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Having had little in the way of camping options the last night, we woke up on the side of a mountain which for once required not much more than a descent to arrive back in the river valley that we so enjoyed yesterday.  We rolled out of our campsite to the sound of the sheep’s bells clinking once again and rolled through what seemed to be a ski town busy with people shopping and setting off on hikes through the always-charming narrow streets.

We rounded the mountain to descend down a canyon into the river valley, though the sun had not quite crested the walls, so we froze our butts off.  The canyon was beautiful though – it had a clear blue river running alongside the road, and the walls were either cliff or steep embankments with really dense foliage.  To top it all off, we had a dedicated bike lane pretty much the entire way.  That is one thing I will say about France – the bike lanes are awesome.  At least in the busy or heavily touristed areas there seem to be lanes going everywhere.

After sufficiently freezing and enjoying the scenery amidst the several starts and stops of road construction, we finally emerged out of the mouth of the canyon into the beautiful sun.  It seems highly ironic how much we crave the sun in the mornings, but after an hour or two it is too hot and all we want is shade.

The rest of the ride into Chambery was uneventful, though we were glad we got an early start since the sun is HOT here.  We thought that as we headed north that we would hit cool temperatures throughout a majority of our trip.  While the air tends to be fairly cool here (high 60s and very low 70s), in the sun it is uncomfortably warm – especially given that we can’t pedal fast enough on our heavy bikes to generate enough wind to cool us down.

We arrived in Chambery with a plan to spend the day seeing the city before heading west toward Edouard and Aude’s home.  Chambery is a delightful little city.  It is very clean, with some great atmosphere in the smaller streets in the center of the city.  We first found ourselves at the Fountain of Elephants, which is pretty cool as far as a fountain goes.  Since that of course did not take much time, we then spent the day tracking down some awesome sandwiches on baguettes, catching up on comments and email at the local Quick – a fast food restaurant with WiFi- and wandering the streets on our bicycles.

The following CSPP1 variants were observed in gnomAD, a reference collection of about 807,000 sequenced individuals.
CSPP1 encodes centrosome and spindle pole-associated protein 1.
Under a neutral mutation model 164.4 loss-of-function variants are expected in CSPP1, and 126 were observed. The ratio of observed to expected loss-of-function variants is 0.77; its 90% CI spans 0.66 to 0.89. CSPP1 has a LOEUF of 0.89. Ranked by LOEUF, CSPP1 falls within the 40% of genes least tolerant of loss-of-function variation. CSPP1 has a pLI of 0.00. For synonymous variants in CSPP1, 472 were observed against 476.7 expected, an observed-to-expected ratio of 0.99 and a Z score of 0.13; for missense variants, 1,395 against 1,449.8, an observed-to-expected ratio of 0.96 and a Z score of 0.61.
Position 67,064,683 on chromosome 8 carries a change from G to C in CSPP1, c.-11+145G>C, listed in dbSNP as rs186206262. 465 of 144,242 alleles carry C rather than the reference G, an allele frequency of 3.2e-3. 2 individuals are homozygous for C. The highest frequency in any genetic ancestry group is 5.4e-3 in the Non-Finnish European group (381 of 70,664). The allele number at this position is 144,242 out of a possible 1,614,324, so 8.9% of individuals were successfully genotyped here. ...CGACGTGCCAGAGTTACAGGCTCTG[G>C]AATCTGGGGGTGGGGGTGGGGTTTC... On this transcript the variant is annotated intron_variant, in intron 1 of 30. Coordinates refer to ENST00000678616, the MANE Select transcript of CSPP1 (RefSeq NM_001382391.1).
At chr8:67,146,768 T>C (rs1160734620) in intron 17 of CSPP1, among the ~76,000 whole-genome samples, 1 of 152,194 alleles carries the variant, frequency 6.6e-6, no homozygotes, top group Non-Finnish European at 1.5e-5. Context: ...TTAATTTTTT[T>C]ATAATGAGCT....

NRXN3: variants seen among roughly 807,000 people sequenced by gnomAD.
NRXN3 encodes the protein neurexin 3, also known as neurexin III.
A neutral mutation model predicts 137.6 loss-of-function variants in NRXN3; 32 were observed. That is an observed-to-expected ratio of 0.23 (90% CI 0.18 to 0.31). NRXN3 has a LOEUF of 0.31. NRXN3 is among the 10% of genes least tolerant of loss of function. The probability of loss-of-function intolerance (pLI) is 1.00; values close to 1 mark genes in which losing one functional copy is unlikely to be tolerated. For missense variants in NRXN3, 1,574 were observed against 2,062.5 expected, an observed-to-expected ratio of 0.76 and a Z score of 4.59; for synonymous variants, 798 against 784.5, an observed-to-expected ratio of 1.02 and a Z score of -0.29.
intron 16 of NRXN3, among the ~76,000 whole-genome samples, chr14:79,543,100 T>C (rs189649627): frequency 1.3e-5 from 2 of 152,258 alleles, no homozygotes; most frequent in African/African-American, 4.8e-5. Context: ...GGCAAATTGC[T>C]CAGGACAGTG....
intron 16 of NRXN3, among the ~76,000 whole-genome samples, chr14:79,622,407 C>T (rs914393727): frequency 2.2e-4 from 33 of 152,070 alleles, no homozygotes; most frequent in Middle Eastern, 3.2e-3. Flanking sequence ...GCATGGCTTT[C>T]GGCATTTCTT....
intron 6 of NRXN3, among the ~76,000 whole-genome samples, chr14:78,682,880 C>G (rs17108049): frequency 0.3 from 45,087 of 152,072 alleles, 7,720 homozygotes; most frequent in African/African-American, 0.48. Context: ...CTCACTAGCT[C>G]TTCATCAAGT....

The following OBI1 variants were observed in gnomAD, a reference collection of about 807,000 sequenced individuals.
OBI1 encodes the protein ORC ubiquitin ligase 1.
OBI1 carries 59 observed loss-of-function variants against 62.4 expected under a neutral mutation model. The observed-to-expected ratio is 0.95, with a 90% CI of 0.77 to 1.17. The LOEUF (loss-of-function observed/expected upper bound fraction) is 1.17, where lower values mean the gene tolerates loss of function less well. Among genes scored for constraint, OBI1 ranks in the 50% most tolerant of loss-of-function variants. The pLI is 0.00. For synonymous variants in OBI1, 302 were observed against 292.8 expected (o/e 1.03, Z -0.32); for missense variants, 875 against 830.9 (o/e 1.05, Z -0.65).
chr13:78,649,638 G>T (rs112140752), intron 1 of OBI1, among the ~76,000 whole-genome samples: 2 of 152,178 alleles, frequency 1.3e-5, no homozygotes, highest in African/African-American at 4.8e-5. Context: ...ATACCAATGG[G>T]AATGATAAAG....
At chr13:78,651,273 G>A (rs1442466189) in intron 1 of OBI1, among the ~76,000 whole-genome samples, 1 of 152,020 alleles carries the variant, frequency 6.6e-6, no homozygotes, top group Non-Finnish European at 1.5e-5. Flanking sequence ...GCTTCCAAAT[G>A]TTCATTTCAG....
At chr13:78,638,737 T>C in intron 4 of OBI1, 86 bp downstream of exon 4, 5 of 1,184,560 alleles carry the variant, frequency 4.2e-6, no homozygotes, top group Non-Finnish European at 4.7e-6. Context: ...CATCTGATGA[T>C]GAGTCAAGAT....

Before heading toward Edouard and Aude’s, we set out in search of tarte large enough for the family of four.  It proved surprisingly difficult as we probably looked through 2 grocery stores and probably 4 bakeries before we found one that would suffice.  Citron Tarte carefully packed into my rear pannier, we set off toward the massively steep hill that Edouard warned us about to reach his home.  Bree reminded me the entire way to try not to hit any bumps that might damage the fragile tart.

When Edouard said that it would be a climb, we figured that it would be difficult.  What we found though, was a climb that verged on impossible.  It was late afternoon by the time we took the trek up the hill, and the day had turned hot with no cloud cover.  The hill started at a reasonable 5 – 8%, but that didn’t stick.  By the time it hit 15%, Breeanne thought she was going to have an aneurysm, and I was completely granny-geared and out of my seat.  After many rests, and a small amount of pushing on Breeanne’s part as her front wheel was lifting off of the ground, we made it up to the gentler roads that meandered through fields of hay bales, and finally arriving at Edouard and Aude’s home, a bit red faced and still breathing hard.


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